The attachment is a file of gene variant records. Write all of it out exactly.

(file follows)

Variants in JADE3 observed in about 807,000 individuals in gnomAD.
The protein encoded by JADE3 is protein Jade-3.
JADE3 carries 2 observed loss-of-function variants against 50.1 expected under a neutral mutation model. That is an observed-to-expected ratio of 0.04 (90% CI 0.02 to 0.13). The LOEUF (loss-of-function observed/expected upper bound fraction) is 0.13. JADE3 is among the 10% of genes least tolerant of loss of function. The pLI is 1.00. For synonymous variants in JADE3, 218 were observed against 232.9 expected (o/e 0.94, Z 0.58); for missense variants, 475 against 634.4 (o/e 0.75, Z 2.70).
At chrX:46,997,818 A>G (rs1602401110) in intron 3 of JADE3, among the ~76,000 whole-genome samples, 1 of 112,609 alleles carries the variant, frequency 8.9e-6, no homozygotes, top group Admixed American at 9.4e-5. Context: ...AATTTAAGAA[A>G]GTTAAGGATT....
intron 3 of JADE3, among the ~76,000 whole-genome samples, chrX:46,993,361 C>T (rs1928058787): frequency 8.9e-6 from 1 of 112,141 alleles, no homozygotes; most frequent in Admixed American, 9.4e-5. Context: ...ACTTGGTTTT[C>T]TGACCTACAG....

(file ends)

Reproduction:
Variants in JADE3 observed in about 807,000 individuals in gnomAD.
The protein encoded by JADE3 is protein Jade-3.
JADE3 carries 2 observed loss-of-function variants against 50.1 expected under a neutral mutation model. That is an observed-to-expected ratio of 0.04 (90% CI 0.02 to 0.13). The LOEUF (loss-of-function observed/expected upper bound fraction) is 0.13. JADE3 is among the 10% of genes least tolerant of loss of function. The pLI is 1.00. For synonymous variants in JADE3, 218 were observed against 232.9 expected (o/e 0.94, Z 0.58); for missense variants, 475 against 634.4 (o/e 0.75, Z 2.70).
At chrX:46,997,818 A>G (rs1602401110) in intron 3 of JADE3, among the ~76,000 whole-genome samples, 1 of 112,609 alleles carries the variant, frequency 8.9e-6, no homozygotes, top group Admixed American at 9.4e-5. Context: ...AATTTAAGAA[A>G]GTTAAGGATT....
intron 3 of JADE3, among the ~76,000 whole-genome samples, chrX:46,993,361 C>T (rs1928058787): frequency 8.9e-6 from 1 of 112,141 alleles, no homozygotes; most frequent in Admixed American, 9.4e-5. Context: ...ACTTGGTTTT[C>T]TGACCTACAG....